New car inventories have swollen to the worst levels since the original Arab oil embargo, forcing American automakers to consider cutting production still further and laying off thousands more workers.
More than 125,000 auto workers already have been furloughed because of sluggish sales, and the United Auto Workers Union expects that number to jump to 140,000 next month because of layoffs already announced.
Additional layoffs are forecast by industry analysts, based on new reports of unsold cars and the automakers' production plans for the next three months.
American auto companies say they will build about 1.86 million cars in the first quarter of 1980, Dow Jones News Service reported yesterday. That would be almost 23 percent fewer cars than Detroit's assembly lines turned out in the same period a year ago.
Even the 1.86 million-unit forecast is optimistic, compared with the 1.76 million-unit production expected by Automotive News, the trade newspaper.
If American car factories do turn out about 1.8 million cars in the first quarter, it will be the auto industry's worst quarter in five years and one of the three worst periods in the past decade and a half.
Production bottomed at 1.3 million units in January, February and March of 1975. First quarter auto output fell to 1.8 million units only two other times in the past 15 years -- in 1970 and 1974.
Just as layoffs are triggered by production plans, production plans are determined by the backlog of unsold cars, and that, too, is approaching record levels.
Estimates of the automakers' inventories now vary from 1.76 million by Automotive News to 1.73 million by Wards Automotive Reports, the other big industry source. Both estimates show increases of about 30,000 cars since November and about 50,000 cars since a year earlier.
But more important than how many unsold cars there are is how long it will take to sell those cars at the current selling pace, analysts say.
Estimates are that the unsold cars would last about 74 days. A 60-day supply is considered normal at this time of year. The supply was 65 days a month ago and only 56 days a year ago.
The days' supply figure is growing faster than the actual number of cars in the inventory because the pace of sales slowed in November and probably will have slowed still further when the final December figures are in.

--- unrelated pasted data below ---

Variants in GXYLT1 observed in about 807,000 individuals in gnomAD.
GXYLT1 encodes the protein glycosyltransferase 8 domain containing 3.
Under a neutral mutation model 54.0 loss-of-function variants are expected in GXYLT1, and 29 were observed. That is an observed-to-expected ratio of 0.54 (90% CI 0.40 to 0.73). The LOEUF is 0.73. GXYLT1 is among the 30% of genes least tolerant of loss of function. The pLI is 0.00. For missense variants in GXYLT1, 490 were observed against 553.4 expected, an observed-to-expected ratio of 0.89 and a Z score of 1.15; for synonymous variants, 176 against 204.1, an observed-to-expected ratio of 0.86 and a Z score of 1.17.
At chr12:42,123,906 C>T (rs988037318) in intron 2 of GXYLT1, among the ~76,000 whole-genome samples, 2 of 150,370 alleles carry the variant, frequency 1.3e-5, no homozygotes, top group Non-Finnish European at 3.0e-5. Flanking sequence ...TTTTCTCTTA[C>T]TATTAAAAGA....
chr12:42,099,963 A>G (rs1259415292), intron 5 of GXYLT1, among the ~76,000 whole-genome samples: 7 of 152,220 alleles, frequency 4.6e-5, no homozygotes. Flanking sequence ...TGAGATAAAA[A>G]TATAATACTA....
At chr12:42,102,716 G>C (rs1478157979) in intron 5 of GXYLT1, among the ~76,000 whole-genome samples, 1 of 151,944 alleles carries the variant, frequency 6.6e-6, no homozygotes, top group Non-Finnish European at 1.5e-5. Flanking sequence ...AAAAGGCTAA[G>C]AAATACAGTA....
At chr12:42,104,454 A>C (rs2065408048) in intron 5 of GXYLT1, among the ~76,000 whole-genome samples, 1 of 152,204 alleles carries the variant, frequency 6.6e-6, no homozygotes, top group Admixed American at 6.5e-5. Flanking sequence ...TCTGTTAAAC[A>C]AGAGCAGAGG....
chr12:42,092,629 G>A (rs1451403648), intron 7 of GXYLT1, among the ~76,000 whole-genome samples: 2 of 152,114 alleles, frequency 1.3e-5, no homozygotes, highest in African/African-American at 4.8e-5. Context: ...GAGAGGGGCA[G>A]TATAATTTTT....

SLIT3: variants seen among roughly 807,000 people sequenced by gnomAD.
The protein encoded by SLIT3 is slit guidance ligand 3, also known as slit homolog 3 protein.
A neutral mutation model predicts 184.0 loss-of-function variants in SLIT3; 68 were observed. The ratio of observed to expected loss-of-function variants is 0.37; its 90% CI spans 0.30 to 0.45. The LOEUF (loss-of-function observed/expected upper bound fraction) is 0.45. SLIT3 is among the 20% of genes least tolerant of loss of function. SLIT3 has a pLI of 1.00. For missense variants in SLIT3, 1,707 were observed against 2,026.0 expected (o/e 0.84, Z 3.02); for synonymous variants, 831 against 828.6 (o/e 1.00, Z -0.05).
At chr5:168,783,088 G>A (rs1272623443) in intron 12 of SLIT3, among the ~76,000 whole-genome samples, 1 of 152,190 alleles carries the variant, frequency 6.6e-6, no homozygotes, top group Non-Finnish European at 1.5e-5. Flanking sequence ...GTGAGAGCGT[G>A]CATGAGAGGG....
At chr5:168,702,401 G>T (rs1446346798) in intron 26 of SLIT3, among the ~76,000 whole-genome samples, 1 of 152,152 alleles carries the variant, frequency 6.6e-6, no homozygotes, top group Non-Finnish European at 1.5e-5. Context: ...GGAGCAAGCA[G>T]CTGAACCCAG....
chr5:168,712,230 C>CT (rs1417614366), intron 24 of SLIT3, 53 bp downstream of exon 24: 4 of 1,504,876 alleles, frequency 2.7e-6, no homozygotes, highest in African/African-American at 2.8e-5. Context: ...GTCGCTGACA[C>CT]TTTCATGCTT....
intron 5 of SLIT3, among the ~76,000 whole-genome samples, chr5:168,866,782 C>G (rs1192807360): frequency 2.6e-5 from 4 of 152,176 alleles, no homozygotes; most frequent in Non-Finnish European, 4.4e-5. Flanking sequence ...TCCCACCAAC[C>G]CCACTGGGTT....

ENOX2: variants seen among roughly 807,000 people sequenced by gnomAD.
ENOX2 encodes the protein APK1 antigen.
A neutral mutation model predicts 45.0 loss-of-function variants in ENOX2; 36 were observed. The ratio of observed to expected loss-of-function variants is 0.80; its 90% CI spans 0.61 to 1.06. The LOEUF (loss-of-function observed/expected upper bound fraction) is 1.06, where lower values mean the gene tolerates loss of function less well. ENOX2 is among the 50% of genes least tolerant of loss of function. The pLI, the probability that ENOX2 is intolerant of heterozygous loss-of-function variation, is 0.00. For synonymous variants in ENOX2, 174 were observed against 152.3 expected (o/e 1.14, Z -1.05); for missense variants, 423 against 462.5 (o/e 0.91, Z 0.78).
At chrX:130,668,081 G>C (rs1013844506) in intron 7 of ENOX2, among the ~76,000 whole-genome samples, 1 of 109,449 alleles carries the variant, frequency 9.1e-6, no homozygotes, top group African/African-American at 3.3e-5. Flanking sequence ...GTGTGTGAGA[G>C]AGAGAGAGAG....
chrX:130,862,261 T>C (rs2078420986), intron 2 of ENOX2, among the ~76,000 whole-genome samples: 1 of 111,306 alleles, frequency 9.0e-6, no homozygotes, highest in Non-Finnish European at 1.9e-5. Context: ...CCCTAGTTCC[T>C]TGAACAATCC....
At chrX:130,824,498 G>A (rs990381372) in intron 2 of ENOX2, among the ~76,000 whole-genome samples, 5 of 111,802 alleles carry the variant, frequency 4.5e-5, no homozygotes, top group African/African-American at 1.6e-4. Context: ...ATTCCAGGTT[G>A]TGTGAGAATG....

Auto sales traditionally are very strong in October and November -- after the new models come out -- then drop off in December and don't pick up again until March.
Assuming that pattern prevails, the backlog of unsold trucks. Wards puts dramatically in the next two months. Even the 1.8 million production planned by Detroit is still about 100,000 cars more than the 1.7 million auto sales projected by industry analysts.
Also growing and adding to the motor vehicle industry's woes is the backlog of unsold trucks. Wards' puts the November truck inventory at 845,000 units, a 95-day supply, up from 727,000 units -- 56 days' worth -- a year ago.
The truck decline is so dramatic because 1978 was the best year ever for truck builders. By Dec. 1 of 1978, the industry had produced 3.6 million trucks; this year the output for the first 11 months of the year was just over 3 million units.
The 20-to-22 percent decline in car and truck sales corresponds to about a 17 percent drop in auto industry production employment.
The industry has about 757,000 hourly workers.The 126,000 workers now on furlough and the 140,000 projected to be on the streets by next month is still far short of the peak unemployment of 300,000 reached during the 1974-1975 recession.
The auto layoff figures include only workers who have been placed on long-term furlough. Most of the industry's plants are closed this week for a Christmas vacation that also is helping the industry reduce its inventories.
The president of Volkswagen of America, James W. McLernon, predicted yesterday that total U.S. auto sales for 1980 -- including imports -- will reach 10.4 million.
VW's forecast is the second highest in the industry so far. General Motors is predicting a 10.6 million-unit year, Ford 9.5 million and Chrysler 9.25 million. American Motors has not issued a forecast.